Pinto has pledged against allowing her child any screen time. “It’s hard but we’re sticking to it," said Pinto, who is mother to one-year-old Ila Thurm. “We don’t have a TV, and insist on walks or give her handmade toys to play with." Many parents struggle to strike a balance when it comes to the use of devices and the internet.
DADS PITCH IN
Over the last three years, India has liberalized laws around maternity benefits to encourage more women to pursue careers in a country where female labour force participation remains low. Companies are extending small benefits such as paternity leave to encourage men to actively participate in raising children, although more needs to be done.
Pinto feels that compared to a generation ago, fathers today are more involved. Pinto’s husband, who works for a startup in Bengaluru, pushed for three months of maternity leave when their daughter was born.
Babbar said household duties are split so that she and her husband spend time with the child. “In terms of responsibilities, we share equally," she said.
While Singh and Pinto are finding their path as parents, others such as Nitika Rana, 32, who runs a marketing consultancy firm, has decided against having children. It’s a decision she and her partner took before they married in 2017.
“With access to water and air becoming an issue, climate change, the rise of the right-wing, we weren’t sure if giving birth to a child was morally right," said Rana. She has other concerns too—expensive education, which she says is a financial commitment she is unprepared for right now. “My husband and I were fortunate to get a good education and have decent careers, but we think we would struggle to provide the absolute best for our child. We can’t afford the top schools and haven’t been able to reach a consensus on homeschooling," she said.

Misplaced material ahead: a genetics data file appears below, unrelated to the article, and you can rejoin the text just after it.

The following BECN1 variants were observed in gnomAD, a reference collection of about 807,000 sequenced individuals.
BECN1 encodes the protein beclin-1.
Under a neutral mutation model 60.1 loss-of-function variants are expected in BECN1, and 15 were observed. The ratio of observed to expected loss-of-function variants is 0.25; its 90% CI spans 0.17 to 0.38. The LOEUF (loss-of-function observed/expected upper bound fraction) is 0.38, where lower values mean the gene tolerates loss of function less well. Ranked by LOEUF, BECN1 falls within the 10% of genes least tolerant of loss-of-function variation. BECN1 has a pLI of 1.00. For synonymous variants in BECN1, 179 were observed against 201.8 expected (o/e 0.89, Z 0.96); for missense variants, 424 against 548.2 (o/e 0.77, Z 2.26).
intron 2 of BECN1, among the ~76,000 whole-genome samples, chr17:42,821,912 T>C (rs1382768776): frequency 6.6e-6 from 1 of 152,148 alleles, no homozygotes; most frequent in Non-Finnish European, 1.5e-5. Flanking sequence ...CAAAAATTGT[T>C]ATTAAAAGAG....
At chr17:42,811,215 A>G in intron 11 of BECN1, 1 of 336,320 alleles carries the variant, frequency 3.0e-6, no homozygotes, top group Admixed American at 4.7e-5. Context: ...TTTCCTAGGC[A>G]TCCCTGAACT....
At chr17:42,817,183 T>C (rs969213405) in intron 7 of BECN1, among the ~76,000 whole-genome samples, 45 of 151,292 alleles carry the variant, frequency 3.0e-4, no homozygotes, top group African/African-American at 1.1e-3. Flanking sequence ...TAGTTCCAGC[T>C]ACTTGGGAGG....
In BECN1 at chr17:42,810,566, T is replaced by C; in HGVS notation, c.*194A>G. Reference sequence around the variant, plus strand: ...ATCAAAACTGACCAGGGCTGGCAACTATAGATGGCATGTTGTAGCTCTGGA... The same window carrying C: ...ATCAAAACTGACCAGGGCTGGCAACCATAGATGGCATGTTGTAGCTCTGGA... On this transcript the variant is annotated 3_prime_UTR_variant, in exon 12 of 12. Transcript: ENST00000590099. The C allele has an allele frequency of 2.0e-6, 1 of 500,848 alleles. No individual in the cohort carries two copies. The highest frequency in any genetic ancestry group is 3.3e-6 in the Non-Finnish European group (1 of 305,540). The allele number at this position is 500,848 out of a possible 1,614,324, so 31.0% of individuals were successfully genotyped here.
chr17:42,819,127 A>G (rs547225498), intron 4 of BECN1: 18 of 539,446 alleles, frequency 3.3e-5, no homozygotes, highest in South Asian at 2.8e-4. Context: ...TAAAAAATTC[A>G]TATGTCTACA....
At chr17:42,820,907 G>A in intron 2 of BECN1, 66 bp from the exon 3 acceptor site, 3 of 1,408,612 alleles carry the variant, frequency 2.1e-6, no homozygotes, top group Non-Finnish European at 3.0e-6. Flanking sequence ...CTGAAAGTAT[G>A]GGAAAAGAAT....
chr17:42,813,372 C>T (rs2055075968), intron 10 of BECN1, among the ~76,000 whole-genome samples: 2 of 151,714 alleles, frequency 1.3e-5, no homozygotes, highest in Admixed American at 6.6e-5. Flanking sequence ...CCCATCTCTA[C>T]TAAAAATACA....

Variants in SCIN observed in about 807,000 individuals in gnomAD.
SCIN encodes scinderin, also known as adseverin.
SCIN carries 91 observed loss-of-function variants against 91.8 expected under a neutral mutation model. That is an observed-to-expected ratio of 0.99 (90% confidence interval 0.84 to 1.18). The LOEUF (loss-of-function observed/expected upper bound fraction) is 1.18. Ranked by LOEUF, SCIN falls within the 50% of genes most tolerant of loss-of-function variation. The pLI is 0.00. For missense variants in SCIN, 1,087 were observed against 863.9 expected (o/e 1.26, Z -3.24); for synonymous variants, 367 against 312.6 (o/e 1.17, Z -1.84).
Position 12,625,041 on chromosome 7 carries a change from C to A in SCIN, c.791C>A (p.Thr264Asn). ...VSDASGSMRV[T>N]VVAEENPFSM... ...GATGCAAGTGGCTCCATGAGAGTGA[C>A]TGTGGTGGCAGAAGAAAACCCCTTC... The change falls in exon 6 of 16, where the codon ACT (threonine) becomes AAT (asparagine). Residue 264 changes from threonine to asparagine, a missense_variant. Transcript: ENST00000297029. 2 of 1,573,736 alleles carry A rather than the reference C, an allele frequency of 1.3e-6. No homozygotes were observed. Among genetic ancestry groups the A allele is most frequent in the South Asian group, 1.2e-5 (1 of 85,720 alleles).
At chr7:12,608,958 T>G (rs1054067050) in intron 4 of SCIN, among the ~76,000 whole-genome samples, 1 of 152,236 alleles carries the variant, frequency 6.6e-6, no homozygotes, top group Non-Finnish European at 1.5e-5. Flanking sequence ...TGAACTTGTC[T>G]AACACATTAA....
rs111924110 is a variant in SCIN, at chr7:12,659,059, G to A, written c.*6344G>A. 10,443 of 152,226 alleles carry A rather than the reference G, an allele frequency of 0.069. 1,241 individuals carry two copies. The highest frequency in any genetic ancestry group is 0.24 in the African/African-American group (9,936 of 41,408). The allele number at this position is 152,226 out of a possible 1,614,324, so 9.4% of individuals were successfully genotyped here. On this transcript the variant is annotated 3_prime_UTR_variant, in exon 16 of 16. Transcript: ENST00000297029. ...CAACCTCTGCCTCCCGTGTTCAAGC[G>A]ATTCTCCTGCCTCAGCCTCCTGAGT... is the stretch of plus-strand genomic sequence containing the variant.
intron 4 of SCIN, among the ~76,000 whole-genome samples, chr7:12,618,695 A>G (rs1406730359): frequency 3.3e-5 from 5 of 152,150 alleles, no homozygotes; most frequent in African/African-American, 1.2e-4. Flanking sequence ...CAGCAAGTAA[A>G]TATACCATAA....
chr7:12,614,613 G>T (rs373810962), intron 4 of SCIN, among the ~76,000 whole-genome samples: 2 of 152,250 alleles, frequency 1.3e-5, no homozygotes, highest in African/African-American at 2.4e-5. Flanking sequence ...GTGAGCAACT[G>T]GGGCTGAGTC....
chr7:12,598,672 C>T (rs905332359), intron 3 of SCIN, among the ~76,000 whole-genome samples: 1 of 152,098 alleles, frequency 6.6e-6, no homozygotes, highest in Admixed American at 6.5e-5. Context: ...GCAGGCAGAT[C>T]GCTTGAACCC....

Earlier this year, in a YouTube clip that went viral, 27-year-old Raphael Samuel expressed his desire to sue his parents for bringing him to the world against his consent. Samuel’s video triggered more conversations around consent and being child-free, and mobilized groups of individuals who identify as anti-natalists or those who consider procreation unethical and irresponsible. This is a concept popularized by David Benatar’s 2006 book Better To Have Never Been: The Harm Of Coming into Existence.
Alok Kumar, 30, who lives in Delhi, identifies himself as an anti-natalist. He recently joined Bengaluru-based group Childfree India, which advocates the idea of not begetting children. He said he’s always been against the idea of childbirth: “Suffering is a part of life, so why bring someone into the world and make them suffer?"
Arunish Paul, 25, who co-founded the Pune chapter of Childfree India, says the worsening climate crisis was seminal to his decision against having children. Environmental change aside, the popularity of social media is causing more isolation and alienation in the world, he said.